Fri, 27 January 2006
SF authors Nancy Kress and Joe Haldeman are among the guests, as are: an astronomer, a recording label executive, a transhumanist, a cryonics insurance provider, two teenaged girls, and Pugsley and Wednesday from the beloved TV show The Addams Family.
Hosted by Stephen Euin Cobb, this is the January 28, 2006 episode of The Future And You. [Running time: 79 minutes]
 As the internet slowly kills the old traditional recording labels, Magnatune (a new kind of label) is growing like a weed. John Buckman (Magnatune's founder and CEO) explains his company's strange motto: 'We are not evil.'
 The award winning science fiction author Nancy Kress talks about future medical advances, including the promise of, and the ongoing controversy over, stem cell research.
 An essay by your host on the probability that any extraterrestrial civilization we encounter will be near our scientific or technological level.
 The award winning science fiction author Joe Haldeman talks about faster than light travel (FTL), the search for extraterrestrial intelligence (SETI) and mentions that some of his students at MIT have discovered exoplanets.
 Doctor Greg Matloff (astronomer, author and professor) also discusses the SETI program, as well as the problems that SETI scientists have when interpreting what appear to be genuine (but very brief) signals from intelligent aliens.
 The fourth installment in our serialization of the novel Bones Burnt Black.
 Rudi Hoffman (the world's leading cryonics insurance provider) grapples with cryonics' thorniest theological problem: 'If human beings actually do have souls, will cryopreserved people be impossible to re-animate?'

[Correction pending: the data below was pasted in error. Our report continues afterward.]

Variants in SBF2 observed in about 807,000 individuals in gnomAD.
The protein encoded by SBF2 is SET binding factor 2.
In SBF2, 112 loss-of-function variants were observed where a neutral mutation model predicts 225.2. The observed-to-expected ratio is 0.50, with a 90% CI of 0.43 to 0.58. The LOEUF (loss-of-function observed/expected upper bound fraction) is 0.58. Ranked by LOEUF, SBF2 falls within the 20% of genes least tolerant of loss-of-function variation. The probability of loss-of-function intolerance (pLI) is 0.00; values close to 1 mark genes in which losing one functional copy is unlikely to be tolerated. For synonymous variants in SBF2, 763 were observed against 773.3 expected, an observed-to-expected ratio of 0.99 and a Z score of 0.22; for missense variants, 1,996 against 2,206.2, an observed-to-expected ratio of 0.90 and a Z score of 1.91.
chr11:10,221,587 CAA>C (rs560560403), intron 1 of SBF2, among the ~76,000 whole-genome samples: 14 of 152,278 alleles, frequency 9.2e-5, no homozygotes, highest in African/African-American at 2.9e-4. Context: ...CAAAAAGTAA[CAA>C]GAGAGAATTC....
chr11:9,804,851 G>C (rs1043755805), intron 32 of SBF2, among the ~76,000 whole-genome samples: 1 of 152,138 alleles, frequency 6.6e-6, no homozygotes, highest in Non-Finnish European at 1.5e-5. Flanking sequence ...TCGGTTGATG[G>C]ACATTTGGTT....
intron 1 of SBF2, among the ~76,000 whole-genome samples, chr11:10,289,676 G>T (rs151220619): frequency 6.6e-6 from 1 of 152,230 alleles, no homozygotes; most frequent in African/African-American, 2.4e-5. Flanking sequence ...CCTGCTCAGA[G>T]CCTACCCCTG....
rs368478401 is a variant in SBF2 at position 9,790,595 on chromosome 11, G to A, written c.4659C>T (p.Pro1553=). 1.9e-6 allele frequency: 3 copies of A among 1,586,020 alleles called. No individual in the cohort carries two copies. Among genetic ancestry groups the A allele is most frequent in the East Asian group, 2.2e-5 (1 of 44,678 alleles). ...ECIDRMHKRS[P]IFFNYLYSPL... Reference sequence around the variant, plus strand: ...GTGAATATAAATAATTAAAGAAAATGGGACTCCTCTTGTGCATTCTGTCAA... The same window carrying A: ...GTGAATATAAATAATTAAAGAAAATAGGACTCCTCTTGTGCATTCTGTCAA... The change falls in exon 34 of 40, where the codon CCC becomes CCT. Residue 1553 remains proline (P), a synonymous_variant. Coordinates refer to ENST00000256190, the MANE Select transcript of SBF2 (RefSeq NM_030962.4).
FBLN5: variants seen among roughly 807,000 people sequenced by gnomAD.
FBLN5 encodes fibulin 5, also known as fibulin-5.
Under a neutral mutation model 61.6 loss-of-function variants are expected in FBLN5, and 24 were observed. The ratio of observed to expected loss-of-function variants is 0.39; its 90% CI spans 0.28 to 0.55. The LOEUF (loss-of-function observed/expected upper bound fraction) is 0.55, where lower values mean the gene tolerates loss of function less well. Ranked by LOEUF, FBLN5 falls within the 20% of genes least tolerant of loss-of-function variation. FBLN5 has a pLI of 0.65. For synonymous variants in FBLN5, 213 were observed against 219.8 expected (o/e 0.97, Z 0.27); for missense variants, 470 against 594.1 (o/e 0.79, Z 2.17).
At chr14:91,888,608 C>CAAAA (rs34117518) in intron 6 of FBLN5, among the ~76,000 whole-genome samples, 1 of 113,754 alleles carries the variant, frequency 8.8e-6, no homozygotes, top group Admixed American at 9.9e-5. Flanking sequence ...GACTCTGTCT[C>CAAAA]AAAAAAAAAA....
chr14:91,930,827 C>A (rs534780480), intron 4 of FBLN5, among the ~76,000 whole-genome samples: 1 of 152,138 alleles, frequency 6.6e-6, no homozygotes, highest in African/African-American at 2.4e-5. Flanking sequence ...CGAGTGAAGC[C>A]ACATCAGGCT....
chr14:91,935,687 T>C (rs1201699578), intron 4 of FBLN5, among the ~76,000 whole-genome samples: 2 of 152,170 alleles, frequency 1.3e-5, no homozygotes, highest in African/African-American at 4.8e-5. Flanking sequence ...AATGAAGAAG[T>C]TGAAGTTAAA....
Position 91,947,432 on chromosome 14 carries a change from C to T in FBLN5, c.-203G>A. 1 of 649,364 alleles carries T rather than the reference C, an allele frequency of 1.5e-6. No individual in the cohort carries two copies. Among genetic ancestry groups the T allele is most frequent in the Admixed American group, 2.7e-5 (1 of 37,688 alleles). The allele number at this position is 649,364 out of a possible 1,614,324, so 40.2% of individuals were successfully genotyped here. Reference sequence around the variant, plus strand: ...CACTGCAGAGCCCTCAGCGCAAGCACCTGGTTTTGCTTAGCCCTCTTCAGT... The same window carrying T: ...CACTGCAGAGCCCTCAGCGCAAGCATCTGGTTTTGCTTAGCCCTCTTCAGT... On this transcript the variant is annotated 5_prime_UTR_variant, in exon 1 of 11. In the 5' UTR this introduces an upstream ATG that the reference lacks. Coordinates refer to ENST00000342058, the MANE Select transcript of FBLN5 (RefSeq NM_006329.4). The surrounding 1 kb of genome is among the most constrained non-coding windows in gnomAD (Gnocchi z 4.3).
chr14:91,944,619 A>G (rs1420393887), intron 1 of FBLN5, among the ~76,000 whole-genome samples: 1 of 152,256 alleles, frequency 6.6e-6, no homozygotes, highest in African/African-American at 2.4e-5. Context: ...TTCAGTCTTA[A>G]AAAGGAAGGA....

Noted transhumanist, Lionel Vogt, explains why he believes that when AI (artificial intelligence) is finally a reality it will produce an explosion of technological advancement that is impossible for us to imagine today.
 A listener disagrees with the host's essay on cryonics from the previous episode.
 Halo Parties, fuzzy shoes, and the insistence that 'Final Fantasy will never die.' Two teenaged girls (Aliese, age 15; and Amber, 14) describe the strange trends and rising fads within their youthful universe.
 Was that Lurches real voice? And whose hand was it that played Thing? A double celebrity interview with Ken Weatherwax and Lisa Loring: Pugsley and Wednesday from the beloved old TV show The Addams Family.
Fri, 13 January 2006
SF authors Joe Haldeman and Nancy Kress, a transhumanist, a physicist, and Jason's mother from Friday The 13th are amoung the guests.
Hosted by Stephen Euin Cobb, this is the January 15, 2006 episode of The Future And You. [Running time: 79 minutes]
 Nanotechnological invisibility is being developed at MIT and is described by the award winning science fiction author Joe Haldeman, along with his personal feelings about cryonics, and his vision that, once they are developed, computers wired directly into the human brain may sweep the developed world as quickly as cell phones since those without them will be at a competative disadvantage.
 A new device which will allow planets orbiting other stars to be seen and studied by blotting out the light of the star which they orbit. Professor Grover Swartzlander of the University of Arizona in Tucson explains his invention.
 Another installment in our serialization of the novel Bones Burnt Black.
 Award winning science fiction author Nancy Kress explains the growing controvercy over the genetic engineering of crops, or as they call them in europe FrankenFoods.
 Trends within the movie theater industry; revenues are down, but popcorn sales are up.
 A personal essay in which the show's host describes his mixed feelings about cryonics, entitled: 'Why I may not want cryonics afterall.'
 Transhumanist, Lionel Vogt, describes aspects of day-to-day life in the deep future such as the fear of living forever.
 A celebrity interview with Betsy Palmer who played Jason's mother (the axe-murdering, Mrs. Voorhees) in the original movie Friday The 13th.